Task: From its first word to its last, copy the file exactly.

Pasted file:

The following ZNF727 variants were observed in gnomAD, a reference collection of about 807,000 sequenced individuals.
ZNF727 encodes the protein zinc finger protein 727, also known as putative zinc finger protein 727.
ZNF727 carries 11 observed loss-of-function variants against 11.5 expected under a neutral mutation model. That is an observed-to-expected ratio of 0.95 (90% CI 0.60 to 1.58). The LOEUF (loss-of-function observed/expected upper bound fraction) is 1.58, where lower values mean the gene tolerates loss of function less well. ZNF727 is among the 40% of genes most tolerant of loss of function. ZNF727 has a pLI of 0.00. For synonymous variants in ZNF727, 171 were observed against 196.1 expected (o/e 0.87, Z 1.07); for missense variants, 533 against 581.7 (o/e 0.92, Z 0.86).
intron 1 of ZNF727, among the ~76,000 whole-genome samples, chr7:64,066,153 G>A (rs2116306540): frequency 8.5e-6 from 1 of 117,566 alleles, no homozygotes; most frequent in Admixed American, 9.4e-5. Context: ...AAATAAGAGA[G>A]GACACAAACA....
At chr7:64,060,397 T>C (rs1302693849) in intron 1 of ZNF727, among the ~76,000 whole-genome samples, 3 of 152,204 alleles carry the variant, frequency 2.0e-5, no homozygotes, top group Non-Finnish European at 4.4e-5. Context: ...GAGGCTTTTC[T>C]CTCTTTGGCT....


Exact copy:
The following ZNF727 variants were observed in gnomAD, a reference collection of about 807,000 sequenced individuals.
ZNF727 encodes the protein zinc finger protein 727, also known as putative zinc finger protein 727.
ZNF727 carries 11 observed loss-of-function variants against 11.5 expected under a neutral mutation model. That is an observed-to-expected ratio of 0.95 (90% CI 0.60 to 1.58). The LOEUF (loss-of-function observed/expected upper bound fraction) is 1.58, where lower values mean the gene tolerates loss of function less well. ZNF727 is among the 40% of genes most tolerant of loss of function. ZNF727 has a pLI of 0.00. For synonymous variants in ZNF727, 171 were observed against 196.1 expected (o/e 0.87, Z 1.07); for missense variants, 533 against 581.7 (o/e 0.92, Z 0.86).
intron 1 of ZNF727, among the ~76,000 whole-genome samples, chr7:64,066,153 G>A (rs2116306540): frequency 8.5e-6 from 1 of 117,566 alleles, no homozygotes; most frequent in Admixed American, 9.4e-5. Context: ...AAATAAGAGA[G>A]GACACAAACA....
At chr7:64,060,397 T>C (rs1302693849) in intron 1 of ZNF727, among the ~76,000 whole-genome samples, 3 of 152,204 alleles carry the variant, frequency 2.0e-5, no homozygotes, top group Non-Finnish European at 4.4e-5. Context: ...GAGGCTTTTC[T>C]CTCTTTGGCT....